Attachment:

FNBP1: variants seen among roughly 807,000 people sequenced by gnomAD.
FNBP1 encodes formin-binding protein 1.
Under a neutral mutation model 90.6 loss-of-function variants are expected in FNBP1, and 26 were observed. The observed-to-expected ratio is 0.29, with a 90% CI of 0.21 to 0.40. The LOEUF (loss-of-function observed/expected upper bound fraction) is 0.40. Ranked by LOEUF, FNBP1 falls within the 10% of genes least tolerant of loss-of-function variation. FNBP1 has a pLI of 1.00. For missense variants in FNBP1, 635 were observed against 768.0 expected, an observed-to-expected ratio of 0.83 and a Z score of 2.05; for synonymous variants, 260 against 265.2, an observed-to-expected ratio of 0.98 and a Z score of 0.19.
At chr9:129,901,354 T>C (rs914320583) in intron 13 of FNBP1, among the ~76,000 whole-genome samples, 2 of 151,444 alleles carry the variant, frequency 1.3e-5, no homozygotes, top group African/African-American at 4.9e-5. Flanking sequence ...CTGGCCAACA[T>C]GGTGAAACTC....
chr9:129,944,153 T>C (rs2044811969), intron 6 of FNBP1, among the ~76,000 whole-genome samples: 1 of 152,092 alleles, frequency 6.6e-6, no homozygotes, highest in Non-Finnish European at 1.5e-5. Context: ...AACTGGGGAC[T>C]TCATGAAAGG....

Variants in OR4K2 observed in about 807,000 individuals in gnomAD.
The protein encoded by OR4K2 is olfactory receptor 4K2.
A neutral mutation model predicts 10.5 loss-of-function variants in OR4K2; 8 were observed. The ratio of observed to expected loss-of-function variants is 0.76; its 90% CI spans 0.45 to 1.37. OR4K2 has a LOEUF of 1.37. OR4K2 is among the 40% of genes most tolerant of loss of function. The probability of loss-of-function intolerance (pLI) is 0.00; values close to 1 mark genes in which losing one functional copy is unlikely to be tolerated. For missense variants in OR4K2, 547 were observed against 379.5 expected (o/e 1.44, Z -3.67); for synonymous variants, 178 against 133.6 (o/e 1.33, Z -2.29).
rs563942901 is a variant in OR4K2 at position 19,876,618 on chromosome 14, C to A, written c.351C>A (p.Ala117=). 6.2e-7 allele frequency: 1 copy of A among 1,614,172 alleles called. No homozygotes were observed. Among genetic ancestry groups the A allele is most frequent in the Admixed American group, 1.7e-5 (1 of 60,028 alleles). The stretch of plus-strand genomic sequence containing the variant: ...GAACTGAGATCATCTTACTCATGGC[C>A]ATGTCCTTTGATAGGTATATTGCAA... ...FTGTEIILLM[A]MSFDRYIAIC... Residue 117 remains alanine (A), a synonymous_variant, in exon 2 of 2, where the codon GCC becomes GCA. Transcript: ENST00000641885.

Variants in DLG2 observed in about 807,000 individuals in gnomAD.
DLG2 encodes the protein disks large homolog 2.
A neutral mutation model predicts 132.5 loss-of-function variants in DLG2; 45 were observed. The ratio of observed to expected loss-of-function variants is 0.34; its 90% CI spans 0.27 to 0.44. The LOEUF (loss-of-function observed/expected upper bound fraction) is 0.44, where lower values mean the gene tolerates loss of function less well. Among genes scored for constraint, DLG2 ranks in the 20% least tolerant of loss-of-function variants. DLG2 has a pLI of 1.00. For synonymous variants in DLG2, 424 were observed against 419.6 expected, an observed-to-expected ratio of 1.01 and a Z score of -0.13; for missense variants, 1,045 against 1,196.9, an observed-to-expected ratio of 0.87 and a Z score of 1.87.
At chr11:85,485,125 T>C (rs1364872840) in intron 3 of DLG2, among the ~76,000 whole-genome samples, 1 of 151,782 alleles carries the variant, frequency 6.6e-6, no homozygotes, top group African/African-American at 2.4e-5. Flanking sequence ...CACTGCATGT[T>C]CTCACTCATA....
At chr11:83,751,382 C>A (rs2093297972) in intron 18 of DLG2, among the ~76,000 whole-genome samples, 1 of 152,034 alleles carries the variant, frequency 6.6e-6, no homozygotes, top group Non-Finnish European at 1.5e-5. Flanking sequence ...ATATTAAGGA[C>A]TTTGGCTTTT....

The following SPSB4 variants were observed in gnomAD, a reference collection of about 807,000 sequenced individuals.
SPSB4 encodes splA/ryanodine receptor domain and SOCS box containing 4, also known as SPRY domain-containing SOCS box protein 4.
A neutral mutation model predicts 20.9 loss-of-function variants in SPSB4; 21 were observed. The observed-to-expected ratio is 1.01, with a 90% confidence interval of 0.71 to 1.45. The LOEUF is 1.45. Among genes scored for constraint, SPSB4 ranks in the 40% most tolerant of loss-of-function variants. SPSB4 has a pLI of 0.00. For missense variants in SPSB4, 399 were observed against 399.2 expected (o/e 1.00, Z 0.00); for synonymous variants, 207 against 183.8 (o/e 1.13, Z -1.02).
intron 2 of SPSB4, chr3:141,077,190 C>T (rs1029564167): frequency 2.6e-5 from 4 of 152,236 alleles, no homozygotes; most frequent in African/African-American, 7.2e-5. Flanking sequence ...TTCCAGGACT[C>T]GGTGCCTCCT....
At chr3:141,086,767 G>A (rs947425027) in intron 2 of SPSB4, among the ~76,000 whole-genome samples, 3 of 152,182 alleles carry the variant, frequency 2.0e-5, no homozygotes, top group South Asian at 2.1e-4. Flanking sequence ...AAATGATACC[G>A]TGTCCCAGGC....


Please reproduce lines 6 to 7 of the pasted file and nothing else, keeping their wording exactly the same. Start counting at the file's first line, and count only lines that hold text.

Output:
Variants in OR4K2 observed in about 807,000 individuals in gnomAD.
The protein encoded by OR4K2 is olfactory receptor 4K2.